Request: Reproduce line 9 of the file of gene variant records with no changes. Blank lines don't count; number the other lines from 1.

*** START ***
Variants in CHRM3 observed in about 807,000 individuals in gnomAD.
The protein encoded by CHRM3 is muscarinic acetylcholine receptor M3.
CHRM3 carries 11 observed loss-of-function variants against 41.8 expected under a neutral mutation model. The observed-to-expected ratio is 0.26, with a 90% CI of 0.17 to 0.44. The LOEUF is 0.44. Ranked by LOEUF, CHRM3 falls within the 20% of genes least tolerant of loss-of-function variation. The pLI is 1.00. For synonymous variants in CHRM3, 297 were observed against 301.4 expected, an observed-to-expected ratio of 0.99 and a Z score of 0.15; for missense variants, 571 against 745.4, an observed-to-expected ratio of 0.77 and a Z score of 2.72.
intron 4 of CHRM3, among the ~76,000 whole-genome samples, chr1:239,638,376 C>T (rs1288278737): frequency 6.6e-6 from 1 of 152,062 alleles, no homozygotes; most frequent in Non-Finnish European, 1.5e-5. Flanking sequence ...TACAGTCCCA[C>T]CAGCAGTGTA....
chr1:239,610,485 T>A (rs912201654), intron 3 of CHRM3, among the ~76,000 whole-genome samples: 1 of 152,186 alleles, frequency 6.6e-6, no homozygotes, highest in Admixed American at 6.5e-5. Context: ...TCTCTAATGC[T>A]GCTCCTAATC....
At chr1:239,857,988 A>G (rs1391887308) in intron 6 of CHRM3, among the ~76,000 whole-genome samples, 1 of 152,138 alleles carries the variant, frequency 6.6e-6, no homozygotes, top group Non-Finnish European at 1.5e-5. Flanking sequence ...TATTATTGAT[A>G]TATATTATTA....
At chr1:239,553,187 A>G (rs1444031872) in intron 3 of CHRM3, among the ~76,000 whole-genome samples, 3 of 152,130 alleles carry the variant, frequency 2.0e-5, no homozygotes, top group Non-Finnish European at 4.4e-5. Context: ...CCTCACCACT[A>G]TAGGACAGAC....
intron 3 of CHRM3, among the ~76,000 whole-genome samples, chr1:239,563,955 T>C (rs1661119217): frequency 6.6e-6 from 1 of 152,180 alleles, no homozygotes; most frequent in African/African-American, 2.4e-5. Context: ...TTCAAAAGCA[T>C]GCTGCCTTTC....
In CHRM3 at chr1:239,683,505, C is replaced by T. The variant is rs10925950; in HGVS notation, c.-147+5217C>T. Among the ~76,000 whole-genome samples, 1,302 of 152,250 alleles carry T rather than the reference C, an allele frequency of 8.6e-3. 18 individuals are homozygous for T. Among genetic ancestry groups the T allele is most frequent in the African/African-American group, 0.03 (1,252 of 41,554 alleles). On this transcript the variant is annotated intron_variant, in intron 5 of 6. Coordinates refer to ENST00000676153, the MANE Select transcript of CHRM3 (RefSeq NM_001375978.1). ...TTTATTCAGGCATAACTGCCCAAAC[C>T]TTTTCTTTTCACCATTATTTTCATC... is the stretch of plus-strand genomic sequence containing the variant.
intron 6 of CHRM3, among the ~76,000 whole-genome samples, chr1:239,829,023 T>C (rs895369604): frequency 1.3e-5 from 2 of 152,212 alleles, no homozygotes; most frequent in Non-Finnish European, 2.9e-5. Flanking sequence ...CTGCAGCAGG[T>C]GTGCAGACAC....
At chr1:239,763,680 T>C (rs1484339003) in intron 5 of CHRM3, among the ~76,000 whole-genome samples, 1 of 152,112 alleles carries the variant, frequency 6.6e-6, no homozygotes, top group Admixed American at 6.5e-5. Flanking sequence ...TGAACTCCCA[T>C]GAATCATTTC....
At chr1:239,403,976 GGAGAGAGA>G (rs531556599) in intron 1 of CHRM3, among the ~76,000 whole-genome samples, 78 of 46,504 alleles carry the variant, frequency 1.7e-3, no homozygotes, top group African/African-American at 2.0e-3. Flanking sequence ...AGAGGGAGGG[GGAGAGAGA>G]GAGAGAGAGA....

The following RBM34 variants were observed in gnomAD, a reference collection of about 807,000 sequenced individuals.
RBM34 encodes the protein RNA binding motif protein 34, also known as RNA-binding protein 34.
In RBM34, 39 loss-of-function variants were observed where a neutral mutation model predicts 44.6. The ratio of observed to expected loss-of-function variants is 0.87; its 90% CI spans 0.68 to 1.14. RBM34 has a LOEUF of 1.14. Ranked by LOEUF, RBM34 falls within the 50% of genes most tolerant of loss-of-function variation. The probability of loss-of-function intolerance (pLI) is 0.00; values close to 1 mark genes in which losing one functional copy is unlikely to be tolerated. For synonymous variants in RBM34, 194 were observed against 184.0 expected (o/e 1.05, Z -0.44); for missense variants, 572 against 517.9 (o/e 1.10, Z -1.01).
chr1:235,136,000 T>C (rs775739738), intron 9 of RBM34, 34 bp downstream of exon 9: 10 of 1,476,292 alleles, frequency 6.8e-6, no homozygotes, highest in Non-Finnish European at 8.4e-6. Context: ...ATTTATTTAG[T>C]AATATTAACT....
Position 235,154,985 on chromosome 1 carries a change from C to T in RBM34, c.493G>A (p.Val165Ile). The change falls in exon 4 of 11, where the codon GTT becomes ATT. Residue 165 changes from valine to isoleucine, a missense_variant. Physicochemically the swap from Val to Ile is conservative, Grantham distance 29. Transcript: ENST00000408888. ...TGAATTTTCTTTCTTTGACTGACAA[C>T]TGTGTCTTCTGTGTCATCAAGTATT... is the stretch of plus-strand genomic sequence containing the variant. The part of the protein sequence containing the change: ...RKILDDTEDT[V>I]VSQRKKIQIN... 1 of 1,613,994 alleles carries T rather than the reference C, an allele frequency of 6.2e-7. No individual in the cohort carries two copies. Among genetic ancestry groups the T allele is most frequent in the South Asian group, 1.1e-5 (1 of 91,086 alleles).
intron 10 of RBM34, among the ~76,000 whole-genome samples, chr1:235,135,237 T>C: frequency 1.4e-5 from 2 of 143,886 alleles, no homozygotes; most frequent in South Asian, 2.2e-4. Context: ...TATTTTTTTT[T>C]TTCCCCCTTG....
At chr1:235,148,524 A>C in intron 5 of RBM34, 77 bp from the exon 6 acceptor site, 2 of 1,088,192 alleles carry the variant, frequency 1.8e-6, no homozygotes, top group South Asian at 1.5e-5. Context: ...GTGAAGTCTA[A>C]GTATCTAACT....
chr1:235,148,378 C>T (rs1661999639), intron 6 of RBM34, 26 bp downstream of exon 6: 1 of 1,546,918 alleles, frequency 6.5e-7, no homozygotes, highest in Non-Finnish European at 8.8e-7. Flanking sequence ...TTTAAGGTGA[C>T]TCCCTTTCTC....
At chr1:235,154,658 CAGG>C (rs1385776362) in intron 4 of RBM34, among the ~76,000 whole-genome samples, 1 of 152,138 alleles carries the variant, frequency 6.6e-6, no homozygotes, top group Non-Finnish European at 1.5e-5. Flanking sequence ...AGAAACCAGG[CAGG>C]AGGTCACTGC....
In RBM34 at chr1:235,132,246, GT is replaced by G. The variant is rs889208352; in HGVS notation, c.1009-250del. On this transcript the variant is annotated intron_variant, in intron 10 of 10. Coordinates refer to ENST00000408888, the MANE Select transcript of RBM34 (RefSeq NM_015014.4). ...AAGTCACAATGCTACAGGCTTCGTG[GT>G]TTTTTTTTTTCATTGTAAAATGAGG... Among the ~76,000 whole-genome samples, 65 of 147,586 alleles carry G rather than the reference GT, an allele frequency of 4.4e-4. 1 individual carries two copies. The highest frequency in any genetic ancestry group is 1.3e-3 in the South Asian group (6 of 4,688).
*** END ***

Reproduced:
In CHRM3 at chr1:239,683,505, C is replaced by T. The variant is rs10925950; in HGVS notation, c.-147+5217C>T. Among the ~76,000 whole-genome samples, 1,302 of 152,250 alleles carry T rather than the reference C, an allele frequency of 8.6e-3. 18 individuals are homozygous for T. Among genetic ancestry groups the T allele is most frequent in the African/African-American group, 0.03 (1,252 of 41,554 alleles). On this transcript the variant is annotated intron_variant, in intron 5 of 6. Coordinates refer to ENST00000676153, the MANE Select transcript of CHRM3 (RefSeq NM_001375978.1). ...TTTATTCAGGCATAACTGCCCAAAC[C>T]TTTTCTTTTCACCATTATTTTCATC... is the stretch of plus-strand genomic sequence containing the variant.